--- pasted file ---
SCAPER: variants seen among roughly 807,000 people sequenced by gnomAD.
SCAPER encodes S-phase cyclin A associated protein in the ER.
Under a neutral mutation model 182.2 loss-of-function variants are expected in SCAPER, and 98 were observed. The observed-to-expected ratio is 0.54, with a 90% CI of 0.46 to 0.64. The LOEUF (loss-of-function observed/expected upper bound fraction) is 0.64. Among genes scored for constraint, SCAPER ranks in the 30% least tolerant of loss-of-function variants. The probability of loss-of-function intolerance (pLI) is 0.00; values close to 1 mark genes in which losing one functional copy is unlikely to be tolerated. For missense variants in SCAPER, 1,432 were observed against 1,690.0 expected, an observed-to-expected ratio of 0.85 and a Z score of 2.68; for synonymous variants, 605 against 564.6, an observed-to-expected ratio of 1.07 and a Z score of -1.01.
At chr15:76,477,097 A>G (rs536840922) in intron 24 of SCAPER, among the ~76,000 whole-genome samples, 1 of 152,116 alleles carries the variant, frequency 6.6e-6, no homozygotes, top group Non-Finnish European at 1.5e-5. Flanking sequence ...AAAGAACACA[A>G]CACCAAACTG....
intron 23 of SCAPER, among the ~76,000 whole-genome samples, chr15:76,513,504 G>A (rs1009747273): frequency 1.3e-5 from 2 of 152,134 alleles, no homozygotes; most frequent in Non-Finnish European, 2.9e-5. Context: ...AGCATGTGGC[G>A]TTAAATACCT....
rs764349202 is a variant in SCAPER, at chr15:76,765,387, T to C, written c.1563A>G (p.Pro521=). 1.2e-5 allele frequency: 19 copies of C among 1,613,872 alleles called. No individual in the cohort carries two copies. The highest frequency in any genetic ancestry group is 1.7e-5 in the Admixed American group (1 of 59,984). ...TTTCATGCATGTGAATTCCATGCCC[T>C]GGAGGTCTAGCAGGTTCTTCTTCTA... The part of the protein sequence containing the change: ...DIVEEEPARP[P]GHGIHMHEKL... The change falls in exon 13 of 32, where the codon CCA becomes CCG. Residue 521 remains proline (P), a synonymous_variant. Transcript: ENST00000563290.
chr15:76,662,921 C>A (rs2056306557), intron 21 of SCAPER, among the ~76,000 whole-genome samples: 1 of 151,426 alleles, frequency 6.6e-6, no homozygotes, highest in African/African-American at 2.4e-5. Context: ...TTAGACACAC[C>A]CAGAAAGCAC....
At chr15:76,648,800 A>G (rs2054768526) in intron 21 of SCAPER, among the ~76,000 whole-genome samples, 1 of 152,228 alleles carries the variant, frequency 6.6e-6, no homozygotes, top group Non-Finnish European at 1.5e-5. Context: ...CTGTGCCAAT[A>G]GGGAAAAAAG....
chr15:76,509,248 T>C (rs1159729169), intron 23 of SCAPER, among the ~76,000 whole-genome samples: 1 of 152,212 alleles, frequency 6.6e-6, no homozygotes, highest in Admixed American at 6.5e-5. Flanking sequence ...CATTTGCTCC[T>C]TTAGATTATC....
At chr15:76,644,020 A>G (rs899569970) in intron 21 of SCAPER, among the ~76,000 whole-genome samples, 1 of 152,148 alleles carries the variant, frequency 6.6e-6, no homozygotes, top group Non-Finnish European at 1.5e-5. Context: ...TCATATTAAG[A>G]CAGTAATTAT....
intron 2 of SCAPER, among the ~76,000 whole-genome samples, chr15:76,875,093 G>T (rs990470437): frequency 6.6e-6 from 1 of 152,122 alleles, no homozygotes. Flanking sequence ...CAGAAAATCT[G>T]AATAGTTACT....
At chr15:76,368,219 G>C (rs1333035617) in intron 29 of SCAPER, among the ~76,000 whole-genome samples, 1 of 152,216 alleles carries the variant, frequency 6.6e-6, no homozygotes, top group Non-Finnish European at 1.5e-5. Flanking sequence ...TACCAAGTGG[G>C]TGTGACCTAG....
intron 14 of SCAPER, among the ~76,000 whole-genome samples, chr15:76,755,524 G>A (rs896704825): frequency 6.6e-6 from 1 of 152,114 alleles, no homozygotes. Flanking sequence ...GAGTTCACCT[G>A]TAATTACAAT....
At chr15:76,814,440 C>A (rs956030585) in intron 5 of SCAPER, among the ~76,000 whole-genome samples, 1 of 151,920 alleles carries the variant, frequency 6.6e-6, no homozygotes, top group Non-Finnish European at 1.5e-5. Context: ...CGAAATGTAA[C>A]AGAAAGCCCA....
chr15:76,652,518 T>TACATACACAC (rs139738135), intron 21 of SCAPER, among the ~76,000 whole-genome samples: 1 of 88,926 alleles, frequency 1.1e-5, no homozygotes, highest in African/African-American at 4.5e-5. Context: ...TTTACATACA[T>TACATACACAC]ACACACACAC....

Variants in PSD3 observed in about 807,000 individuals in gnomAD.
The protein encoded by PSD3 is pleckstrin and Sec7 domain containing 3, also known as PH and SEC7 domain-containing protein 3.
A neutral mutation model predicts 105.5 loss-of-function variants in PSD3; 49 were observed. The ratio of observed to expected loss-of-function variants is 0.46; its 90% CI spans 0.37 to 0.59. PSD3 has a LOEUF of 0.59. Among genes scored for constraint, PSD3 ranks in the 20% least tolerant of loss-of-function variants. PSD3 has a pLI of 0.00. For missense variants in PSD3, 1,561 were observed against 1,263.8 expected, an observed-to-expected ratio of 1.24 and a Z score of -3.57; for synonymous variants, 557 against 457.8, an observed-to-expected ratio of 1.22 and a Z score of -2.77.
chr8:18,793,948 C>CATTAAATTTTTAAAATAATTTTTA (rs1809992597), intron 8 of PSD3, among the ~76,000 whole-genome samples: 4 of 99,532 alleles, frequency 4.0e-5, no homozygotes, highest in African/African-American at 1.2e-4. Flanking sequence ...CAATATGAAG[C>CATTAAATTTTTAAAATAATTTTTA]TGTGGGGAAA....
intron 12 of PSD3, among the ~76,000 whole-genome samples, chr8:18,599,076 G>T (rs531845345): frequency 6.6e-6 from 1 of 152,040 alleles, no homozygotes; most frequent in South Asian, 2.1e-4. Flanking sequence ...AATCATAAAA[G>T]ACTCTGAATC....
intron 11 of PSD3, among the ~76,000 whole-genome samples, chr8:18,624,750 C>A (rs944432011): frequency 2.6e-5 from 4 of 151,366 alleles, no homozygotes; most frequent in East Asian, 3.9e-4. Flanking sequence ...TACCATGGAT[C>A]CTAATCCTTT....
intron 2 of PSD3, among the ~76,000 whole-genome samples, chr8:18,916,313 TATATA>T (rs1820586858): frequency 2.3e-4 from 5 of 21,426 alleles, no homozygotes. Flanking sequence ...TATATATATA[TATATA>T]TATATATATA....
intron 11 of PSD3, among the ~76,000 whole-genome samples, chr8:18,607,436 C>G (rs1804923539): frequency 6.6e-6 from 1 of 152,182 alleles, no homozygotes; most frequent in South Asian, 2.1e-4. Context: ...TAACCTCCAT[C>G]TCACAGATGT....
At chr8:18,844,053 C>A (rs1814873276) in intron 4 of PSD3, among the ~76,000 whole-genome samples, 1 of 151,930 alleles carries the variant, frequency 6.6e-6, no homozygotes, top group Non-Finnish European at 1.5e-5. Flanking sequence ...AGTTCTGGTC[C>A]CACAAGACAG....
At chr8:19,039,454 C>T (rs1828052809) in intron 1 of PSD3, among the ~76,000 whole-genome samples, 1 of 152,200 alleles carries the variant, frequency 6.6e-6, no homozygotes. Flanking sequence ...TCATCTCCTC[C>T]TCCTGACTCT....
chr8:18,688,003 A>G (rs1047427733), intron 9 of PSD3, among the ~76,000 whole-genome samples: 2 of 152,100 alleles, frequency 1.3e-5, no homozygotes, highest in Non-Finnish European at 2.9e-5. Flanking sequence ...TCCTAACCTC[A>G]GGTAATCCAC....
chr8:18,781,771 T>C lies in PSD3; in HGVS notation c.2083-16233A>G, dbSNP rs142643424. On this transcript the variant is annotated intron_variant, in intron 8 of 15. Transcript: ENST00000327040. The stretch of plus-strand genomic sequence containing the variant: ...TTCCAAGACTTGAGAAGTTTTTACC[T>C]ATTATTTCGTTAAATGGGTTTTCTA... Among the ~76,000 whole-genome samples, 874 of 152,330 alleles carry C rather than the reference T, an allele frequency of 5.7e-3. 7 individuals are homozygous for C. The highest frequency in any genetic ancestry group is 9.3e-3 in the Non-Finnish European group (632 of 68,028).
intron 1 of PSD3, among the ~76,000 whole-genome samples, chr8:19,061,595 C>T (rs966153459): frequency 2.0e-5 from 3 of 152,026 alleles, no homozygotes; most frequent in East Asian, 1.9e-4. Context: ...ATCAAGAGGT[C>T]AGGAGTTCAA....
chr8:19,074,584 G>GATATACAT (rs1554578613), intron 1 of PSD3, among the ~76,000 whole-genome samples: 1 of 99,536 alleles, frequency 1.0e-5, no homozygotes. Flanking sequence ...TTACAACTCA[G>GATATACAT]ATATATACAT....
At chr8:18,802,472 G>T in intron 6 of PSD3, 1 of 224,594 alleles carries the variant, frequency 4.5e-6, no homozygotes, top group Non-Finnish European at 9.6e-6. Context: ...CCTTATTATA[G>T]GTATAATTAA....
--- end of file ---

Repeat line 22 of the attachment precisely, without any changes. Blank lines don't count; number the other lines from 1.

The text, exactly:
intron 2 of PSD3, among the ~76,000 whole-genome samples, chr8:18,916,313 TATATA>T (rs1820586858): frequency 2.3e-4 from 5 of 21,426 alleles, no homozygotes. Flanking sequence ...TATATATATA[TATATA>T]TATATATATA....